Have you ever heard of Tomorrowland? No, not the George Clooney-led box-office flop that was the third sci-fi failure of 2015 (the other two were Jupiter Ascending and Seventh Son, for the record). The Tomorrowland I’m referring to is one that George Clooney’s would have been so lucky to have found himself in. It’s a music - more specifically, an electronic music - festival held in (fittingly) Boom, Belgium. I’ve never been, but in watching the various sets of David Guetta, Martin Garrix, and Eric Prydz, it looks to be the creme de la creme in terms of festival production value.
Each year has a seemingly nonsensical theme - 2018’s was “The Story of Planaxis” - that gives credence to the bafflingly intricate set design of which the festival headliners purvey their pastiche. It dwarfs our piddly American festivals in terms of attendance - 2018 saw 400,000 tickets sold - and the lineup as a whole is more less all headliners. There’s even a TomorroWworld that takes place in the Chattahoochee Hills, which sold 140,000 tickets this year.
Ultimately, Tomorrowland is a truly fascinating case study that is directly antithetical to the primary argument facing most American festivals - “modernizing” festivals like Bonnaroo and Lollapalooza with heavy electronic artist lineups will lead to the end of the “festival bubble.” I suppose those detractors aren’t all that familiar with Tomorrowland and the power of the electronic music festival. It would seem that if ever there was a remedy for a festival bubble, it would be imitating a festival like Tomorrowland. But for whatever reason, the genre of electronic music seems to constantly befuddle the contemporary music listening powers that be. Not only with festivals, but the greater music community in general.
Take a look at Nashville. For a city so transfixed on its status as “Music City, USA,” it seems wholly devoid of a electronic music scene. There was once a thriving rave scene in and around Middle Tennessee in the late 90s and early 2000s, but it disappeared almost as quickly as it came. For whatever reason, it couldn’t seem to stick. That is, until now.
Nashville is quietly accruing a sizable regiment of electronic and electronic adjacent artists - Jamie Lidell, Bantug, Biyo, October Tooth, Jonie, Basecamp - poised to catapult Nashville’s electronic scene to street-level relevance the same way that a new honky tonk vanity project is somehow deemed coverable content (hello RS). So as Nashville’s grassroots electronic regime grows, be sure to add Body Copy to that list.
The nom de plume (and an incredibly solid one at that, especially for an electronic producer) of Joe Dickey, Body Copy is the latest addition to Nashville’s electronic collective. Not even a year has gone by in Body Copy’s existence, and Dickey has already produced a debut EP - For a Night With You - set for release at the end of this week. Let’s take a moment to consider how unreal that is, in terms of output and creative cognition. Barely 9 months into the project’s existence, and Dickey already has four absolute bangers. If Body Copy were a child, it would just now be crawling, but instead, Dickey is running toward what is bound to be the first of many excellent releases as Body Copy. I suppose that’s the undisputed benefit of making electronic music - unrestrained creation and output.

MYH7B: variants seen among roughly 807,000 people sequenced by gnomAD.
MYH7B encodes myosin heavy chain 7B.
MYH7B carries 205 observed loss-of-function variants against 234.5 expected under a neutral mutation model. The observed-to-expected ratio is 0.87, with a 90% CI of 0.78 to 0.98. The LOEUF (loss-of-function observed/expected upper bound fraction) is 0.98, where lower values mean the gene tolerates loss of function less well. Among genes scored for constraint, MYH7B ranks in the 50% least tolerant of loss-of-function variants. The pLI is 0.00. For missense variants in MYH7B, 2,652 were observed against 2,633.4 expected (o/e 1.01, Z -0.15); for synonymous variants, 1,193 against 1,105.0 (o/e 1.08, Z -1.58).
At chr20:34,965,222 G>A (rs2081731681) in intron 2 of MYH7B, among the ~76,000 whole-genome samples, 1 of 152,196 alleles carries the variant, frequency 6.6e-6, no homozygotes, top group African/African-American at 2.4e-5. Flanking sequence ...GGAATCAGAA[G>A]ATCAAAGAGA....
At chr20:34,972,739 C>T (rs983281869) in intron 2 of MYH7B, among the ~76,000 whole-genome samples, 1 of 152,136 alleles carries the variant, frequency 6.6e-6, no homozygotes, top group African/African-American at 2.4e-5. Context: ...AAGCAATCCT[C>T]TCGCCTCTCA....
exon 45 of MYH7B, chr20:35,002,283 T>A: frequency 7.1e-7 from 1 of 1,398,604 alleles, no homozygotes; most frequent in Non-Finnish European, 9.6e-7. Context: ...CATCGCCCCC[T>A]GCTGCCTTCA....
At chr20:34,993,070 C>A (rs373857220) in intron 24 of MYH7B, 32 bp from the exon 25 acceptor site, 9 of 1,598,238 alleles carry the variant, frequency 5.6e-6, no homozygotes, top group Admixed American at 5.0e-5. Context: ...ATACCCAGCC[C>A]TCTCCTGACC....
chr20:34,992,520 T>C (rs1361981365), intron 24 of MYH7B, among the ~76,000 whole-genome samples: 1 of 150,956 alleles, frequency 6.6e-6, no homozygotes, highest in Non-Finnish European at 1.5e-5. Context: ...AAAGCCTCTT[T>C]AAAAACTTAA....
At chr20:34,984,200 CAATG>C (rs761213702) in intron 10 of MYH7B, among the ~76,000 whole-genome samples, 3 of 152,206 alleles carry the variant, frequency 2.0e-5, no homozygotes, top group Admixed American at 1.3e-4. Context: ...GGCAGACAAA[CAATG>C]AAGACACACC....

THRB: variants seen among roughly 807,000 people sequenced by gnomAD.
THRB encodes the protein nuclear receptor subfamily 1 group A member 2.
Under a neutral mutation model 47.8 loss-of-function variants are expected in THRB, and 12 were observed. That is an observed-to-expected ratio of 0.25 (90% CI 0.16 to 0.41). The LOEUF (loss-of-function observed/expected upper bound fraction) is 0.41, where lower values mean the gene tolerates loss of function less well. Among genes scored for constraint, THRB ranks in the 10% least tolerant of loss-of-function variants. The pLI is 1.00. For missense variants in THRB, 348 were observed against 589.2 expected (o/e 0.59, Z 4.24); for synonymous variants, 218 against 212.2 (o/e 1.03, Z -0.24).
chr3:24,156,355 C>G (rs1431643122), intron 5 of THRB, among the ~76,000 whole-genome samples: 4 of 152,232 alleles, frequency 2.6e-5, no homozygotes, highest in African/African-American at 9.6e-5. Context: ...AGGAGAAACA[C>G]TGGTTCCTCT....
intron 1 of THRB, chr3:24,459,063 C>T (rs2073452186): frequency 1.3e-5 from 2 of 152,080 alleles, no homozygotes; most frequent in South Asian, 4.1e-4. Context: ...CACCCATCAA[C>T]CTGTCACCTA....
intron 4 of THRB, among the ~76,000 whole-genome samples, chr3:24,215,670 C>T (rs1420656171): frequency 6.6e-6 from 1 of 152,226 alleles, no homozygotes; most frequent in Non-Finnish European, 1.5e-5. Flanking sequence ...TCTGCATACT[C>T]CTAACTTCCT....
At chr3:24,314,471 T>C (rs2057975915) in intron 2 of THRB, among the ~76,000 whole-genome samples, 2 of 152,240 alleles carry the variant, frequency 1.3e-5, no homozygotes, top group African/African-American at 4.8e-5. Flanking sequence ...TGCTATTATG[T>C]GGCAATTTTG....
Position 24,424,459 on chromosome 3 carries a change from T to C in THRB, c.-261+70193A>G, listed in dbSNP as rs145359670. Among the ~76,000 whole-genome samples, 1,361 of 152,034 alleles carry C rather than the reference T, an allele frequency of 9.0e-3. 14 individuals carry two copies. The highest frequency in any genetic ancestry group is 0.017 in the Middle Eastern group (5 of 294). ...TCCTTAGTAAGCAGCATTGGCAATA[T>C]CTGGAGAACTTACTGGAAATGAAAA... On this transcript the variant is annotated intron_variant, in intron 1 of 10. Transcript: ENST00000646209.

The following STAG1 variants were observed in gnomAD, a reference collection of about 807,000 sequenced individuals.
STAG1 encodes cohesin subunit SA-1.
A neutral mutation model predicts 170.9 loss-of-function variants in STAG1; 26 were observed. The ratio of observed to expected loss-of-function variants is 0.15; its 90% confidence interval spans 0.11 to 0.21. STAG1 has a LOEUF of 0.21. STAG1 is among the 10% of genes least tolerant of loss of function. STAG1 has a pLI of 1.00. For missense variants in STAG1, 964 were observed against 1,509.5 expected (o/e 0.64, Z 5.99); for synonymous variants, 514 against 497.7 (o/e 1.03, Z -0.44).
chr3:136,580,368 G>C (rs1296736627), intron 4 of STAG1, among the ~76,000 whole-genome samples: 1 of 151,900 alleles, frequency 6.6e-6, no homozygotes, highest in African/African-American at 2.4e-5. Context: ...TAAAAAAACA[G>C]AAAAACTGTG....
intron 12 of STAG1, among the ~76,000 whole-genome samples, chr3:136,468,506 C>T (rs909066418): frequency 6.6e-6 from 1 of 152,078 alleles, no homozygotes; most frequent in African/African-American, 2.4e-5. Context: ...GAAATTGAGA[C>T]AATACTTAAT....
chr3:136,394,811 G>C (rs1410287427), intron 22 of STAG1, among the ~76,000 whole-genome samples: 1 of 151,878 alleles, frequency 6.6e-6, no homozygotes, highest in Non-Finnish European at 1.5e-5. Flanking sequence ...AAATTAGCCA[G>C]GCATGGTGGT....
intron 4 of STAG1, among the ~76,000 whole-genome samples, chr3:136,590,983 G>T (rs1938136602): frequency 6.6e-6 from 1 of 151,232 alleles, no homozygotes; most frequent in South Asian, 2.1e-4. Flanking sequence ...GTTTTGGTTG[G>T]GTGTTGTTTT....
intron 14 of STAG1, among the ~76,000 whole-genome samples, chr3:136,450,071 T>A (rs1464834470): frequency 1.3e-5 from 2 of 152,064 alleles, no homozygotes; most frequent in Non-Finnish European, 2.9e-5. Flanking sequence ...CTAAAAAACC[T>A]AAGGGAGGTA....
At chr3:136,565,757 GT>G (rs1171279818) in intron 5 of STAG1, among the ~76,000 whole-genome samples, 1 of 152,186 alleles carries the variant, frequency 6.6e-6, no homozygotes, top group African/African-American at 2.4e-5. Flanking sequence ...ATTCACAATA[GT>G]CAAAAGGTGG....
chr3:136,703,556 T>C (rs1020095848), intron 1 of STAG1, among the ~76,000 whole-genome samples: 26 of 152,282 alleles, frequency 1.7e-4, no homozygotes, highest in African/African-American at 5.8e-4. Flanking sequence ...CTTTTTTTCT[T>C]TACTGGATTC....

Sure, the conception to creation in nine months track might sound intense, but according to Dickey, Body Copy and For a Night With You was born out of a similar, but more intimate intensity:
The goal of this EP was to create a surreal dreamlike mood for the listener. My whole life I've had intensely vivid dreams that sometimes after I wake from sleeping I feel as if I experienced events that "really happened". These experiences are often coupled with an emotional lingering that can range from joy to nostalgia to sadness for something that never really "was". Sonically I've tried to evoke this state by utilizing a lot of retro sounds and instruments including samples from a LinnDrum machine and several analog synthesizers. Also many of the vocal samples throughout the EP hint at this feeling of longing and desire for something that has passed or was never truly there.
The EP itself is something of an idyllic debut for an electronic record/artist, because Dickey uses certain lofi methodologies in his production to create enough space that in turn endorses an atmosphere of vague, personal association, or in the case of Dickey’s purview, “nostalgia.” Not to say that all electronic music deals in and with nostalgia constantly, but there is something to be said for producing something so that it’s vaguely familiar. But rather than dive headfirst into a sea of nostalgia, Dickey also shows some truly eclectic range when it comes to style - he manages to intertwine house with trance, electronica with ambient, and even throws what sound a little like new beat (which preceded techno in late-80s Belgium).
So while Nashville might not be poised to put on its own version of Tomorrowland, or anything like that, the ever burgeoning electronic scene just became one stronger. Body Copy’s impressive output leads one further with regard to who may come to carry the mantle of the scene as it continues to grow - will it be Body Copy? Who knows? It would be fun to place such pressure on the project. But the reality is, when a debut is as strong as For a Night With You is, it’s hard to ignore.